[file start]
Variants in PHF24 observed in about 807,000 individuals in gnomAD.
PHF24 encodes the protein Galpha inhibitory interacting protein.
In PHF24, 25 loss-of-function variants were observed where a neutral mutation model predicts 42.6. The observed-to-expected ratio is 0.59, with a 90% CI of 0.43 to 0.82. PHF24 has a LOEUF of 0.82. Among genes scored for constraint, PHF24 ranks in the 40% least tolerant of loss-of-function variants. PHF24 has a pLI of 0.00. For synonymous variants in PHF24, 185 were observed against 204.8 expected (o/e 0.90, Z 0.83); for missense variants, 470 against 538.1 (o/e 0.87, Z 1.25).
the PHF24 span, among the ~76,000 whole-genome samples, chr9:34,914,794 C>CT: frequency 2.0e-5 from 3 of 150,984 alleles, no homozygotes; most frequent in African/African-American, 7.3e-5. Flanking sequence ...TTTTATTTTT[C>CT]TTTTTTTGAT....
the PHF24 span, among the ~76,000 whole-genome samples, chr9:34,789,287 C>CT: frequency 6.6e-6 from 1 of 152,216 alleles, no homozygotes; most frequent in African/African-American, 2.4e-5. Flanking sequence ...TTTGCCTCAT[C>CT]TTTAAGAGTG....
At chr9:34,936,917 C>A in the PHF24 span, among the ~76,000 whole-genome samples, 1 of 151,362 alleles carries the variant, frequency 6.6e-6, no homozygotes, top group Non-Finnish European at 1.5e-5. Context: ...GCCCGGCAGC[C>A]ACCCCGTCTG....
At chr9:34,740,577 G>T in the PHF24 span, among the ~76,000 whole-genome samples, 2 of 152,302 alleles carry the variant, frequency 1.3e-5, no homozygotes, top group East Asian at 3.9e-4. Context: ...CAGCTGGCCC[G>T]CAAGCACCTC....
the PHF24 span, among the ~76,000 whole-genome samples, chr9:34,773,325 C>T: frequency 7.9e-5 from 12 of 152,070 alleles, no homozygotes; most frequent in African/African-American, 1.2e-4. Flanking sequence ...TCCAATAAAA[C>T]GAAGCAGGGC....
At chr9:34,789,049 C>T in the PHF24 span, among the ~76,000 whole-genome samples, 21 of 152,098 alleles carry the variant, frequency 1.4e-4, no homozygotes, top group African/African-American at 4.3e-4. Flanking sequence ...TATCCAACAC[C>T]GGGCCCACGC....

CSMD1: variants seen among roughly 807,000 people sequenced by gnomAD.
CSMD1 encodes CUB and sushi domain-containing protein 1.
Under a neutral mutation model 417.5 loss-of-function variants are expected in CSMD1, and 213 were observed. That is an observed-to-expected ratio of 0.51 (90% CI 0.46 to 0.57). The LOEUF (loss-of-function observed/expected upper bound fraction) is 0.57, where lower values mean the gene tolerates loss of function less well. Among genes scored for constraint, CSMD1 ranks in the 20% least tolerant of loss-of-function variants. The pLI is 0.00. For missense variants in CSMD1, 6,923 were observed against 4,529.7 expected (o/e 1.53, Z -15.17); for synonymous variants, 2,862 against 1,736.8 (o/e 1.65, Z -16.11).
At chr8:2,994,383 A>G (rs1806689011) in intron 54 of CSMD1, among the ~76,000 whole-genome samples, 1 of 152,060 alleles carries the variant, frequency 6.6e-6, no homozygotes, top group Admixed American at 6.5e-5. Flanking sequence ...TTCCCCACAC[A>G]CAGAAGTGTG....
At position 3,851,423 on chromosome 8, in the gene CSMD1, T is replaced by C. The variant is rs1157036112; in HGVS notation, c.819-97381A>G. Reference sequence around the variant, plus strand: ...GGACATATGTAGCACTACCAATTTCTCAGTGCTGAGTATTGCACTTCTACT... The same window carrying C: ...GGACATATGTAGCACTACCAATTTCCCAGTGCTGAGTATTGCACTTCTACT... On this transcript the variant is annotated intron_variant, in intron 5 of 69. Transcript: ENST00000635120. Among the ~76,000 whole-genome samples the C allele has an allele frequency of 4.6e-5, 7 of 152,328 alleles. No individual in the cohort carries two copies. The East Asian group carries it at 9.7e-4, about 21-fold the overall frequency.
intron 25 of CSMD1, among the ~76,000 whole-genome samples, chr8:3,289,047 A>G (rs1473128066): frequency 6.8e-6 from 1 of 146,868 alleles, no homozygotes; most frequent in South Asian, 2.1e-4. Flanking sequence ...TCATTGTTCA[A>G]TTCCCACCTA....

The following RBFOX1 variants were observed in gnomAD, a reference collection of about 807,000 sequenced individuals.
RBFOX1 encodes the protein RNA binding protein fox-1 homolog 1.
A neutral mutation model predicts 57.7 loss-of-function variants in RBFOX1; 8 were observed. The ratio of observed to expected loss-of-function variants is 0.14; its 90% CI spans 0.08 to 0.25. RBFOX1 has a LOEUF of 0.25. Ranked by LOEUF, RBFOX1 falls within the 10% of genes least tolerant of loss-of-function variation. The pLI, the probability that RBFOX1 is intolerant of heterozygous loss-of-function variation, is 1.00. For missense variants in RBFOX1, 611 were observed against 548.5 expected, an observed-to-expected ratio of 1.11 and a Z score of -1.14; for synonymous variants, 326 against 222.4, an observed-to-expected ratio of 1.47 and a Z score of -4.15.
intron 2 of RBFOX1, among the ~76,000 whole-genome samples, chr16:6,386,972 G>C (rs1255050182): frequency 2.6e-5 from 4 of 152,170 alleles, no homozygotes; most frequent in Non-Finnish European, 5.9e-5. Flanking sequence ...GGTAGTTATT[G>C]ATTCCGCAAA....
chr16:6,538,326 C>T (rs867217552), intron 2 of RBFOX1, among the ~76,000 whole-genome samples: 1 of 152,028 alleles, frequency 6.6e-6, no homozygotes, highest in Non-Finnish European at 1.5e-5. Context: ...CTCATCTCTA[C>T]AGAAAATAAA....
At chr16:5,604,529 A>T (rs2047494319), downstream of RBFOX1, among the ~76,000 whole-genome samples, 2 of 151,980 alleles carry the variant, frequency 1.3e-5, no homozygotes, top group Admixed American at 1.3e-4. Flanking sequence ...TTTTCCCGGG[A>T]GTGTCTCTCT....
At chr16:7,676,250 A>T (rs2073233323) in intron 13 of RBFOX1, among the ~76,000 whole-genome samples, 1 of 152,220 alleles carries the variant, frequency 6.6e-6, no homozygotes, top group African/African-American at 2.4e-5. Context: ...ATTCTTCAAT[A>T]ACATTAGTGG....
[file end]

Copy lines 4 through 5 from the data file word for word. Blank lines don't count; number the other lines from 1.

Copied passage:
the PHF24 span, among the ~76,000 whole-genome samples, chr9:34,914,794 C>CT: frequency 2.0e-5 from 3 of 150,984 alleles, no homozygotes; most frequent in African/African-American, 7.3e-5. Flanking sequence ...TTTTATTTTT[C>CT]TTTTTTTGAT....
the PHF24 span, among the ~76,000 whole-genome samples, chr9:34,789,287 C>CT: frequency 6.6e-6 from 1 of 152,216 alleles, no homozygotes; most frequent in African/African-American, 2.4e-5. Flanking sequence ...TTTGCCTCAT[C>CT]TTTAAGAGTG....